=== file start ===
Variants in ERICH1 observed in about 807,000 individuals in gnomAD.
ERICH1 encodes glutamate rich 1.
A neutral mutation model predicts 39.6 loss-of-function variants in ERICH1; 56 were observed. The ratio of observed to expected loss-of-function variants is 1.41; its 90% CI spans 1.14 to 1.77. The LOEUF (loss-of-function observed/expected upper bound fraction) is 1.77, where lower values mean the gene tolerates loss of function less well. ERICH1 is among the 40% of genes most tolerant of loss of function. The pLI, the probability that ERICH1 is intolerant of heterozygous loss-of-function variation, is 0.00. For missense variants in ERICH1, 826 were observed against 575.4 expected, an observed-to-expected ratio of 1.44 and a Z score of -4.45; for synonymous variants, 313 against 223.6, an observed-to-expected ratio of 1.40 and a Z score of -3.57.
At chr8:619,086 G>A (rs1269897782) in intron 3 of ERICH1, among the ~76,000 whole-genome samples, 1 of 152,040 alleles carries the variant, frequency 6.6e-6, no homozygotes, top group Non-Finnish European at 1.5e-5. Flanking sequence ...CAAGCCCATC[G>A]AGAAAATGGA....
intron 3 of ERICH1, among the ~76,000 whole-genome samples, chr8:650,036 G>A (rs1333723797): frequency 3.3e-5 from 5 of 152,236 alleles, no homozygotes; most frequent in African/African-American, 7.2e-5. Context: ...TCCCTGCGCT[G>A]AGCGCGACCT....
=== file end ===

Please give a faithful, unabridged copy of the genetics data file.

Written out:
Variants in ERICH1 observed in about 807,000 individuals in gnomAD.
ERICH1 encodes glutamate rich 1.
A neutral mutation model predicts 39.6 loss-of-function variants in ERICH1; 56 were observed. The ratio of observed to expected loss-of-function variants is 1.41; its 90% CI spans 1.14 to 1.77. The LOEUF (loss-of-function observed/expected upper bound fraction) is 1.77, where lower values mean the gene tolerates loss of function less well. ERICH1 is among the 40% of genes most tolerant of loss of function. The pLI, the probability that ERICH1 is intolerant of heterozygous loss-of-function variation, is 0.00. For missense variants in ERICH1, 826 were observed against 575.4 expected, an observed-to-expected ratio of 1.44 and a Z score of -4.45; for synonymous variants, 313 against 223.6, an observed-to-expected ratio of 1.40 and a Z score of -3.57.
At chr8:619,086 G>A (rs1269897782) in intron 3 of ERICH1, among the ~76,000 whole-genome samples, 1 of 152,040 alleles carries the variant, frequency 6.6e-6, no homozygotes, top group Non-Finnish European at 1.5e-5. Flanking sequence ...CAAGCCCATC[G>A]AGAAAATGGA....
intron 3 of ERICH1, among the ~76,000 whole-genome samples, chr8:650,036 G>A (rs1333723797): frequency 3.3e-5 from 5 of 152,236 alleles, no homozygotes; most frequent in African/African-American, 7.2e-5. Context: ...TCCCTGCGCT[G>A]AGCGCGACCT....